Friday, September 11, 2009

One of "history's mysteries" - Where is the "fort" at Fort Hunter

During Archaeology Month 2009, archaeologists from the Pennsylvania Historical and Museum Commission (PHMC) will investigate one of "history's mysteries” - where is the "fort" at Fort Hunter? Beginning on September 14, PHMC archaeologists will conduct an archaeological testing program at Fort Hunter Mansion and Park, located five miles north of the city.

The goal is to locate the remains of the French and Indian War era supply fort occupied between 1757 and 1763. This will mark the fourth season of this project and numerous fort period artifacts and features have been recovered - some of these may be part of the fort occupation. The stockade and the blockhouse, however, have yet to be located as our excavations continue.

The goals for this year’s investigation.
This year there are two main objectives. We will continue to search for the fort’s stockade line by excavating a series of trenches mainly in the yard around the mansion. Of considerable interest, is a new discovery that Jim Herbstritt made while examining aerial photographs of the property. He noticed several patches of grass across Front Street and east of the barn that appeared to be different in color and contrast than that of the surrounding vegetation.

The anomaly seems to outline an L-shaped area about 100 feet by 100 feet long reminiscent of a buried foundation wall or some other architecturally related feature. There are no known records of buildings on this part of the Fort Hunter Park property therefore we are speculating that it possibly marks the location of the former “old barracks”. Several trenches will be placed across this feature to determine its identity, function and age.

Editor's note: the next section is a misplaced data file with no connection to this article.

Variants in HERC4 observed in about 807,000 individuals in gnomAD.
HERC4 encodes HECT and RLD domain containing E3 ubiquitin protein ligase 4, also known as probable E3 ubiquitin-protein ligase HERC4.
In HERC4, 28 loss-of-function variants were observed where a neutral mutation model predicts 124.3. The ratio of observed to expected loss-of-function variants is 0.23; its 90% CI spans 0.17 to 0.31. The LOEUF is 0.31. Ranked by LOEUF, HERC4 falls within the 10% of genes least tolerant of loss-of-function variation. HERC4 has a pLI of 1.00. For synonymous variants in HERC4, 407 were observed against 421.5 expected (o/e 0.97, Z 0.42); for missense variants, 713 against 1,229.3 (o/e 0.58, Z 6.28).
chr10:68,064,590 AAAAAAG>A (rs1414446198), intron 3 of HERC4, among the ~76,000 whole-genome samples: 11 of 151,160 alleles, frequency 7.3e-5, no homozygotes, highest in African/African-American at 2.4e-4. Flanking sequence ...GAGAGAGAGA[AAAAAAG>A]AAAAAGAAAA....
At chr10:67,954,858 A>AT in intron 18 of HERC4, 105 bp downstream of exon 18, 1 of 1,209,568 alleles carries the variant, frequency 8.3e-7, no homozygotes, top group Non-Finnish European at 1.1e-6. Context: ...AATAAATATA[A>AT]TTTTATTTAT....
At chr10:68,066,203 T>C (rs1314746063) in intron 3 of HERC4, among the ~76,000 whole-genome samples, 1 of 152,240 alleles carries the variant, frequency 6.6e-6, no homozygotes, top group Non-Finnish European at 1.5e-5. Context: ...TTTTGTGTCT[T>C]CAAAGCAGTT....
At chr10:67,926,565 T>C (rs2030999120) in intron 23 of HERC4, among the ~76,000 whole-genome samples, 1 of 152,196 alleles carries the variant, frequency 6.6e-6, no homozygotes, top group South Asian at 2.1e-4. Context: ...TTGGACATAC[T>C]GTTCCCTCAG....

The second area of interest this season will be the north side yard of the mansion where a waterwell was discovered last year. It is stone lined and located adjacent to the 1805 ice house. Again, there are no historic maps of the well’s existence and its placement suggests that it is older than the ice house and therefore dates earlier than 1805. The top of the well contains 19th century artifacts but the bottom could contain very important artifacts from the fort period occupation.

Excavating a waterwell is a complicated undertaking that may require several seasons to complete. This year we hope is to resolve the chronological relationship between the well and the ice house. We will also excavate the soils surrounding the well down to a depth of three feet which will provide a better idea as to the nature of the well’s construction. The 2008 excavations revealed that the upper 12 inches of the site’s stratigraphy contain prehistoric materials as old as 9,000 years and these need to be archaeologically recovered prior to the well’s excavation.

Come visit us.
Our project is part of Pennsylvania’s “Archaeology Month” celebration in September and October. The excavations are open to the public, weekdays from 9:00 am until 4:00 pm, weather permitting. For more information on Fort Hunter or the archaeology of the Susquehanna Valley, visit or the Hall of Anthropology and Archaeology at The State Museum of Pennsylvania .

1 comment:

  1. altec bucket trucksIt was a nice outing with my family. My kids want to be a Archaeologist now!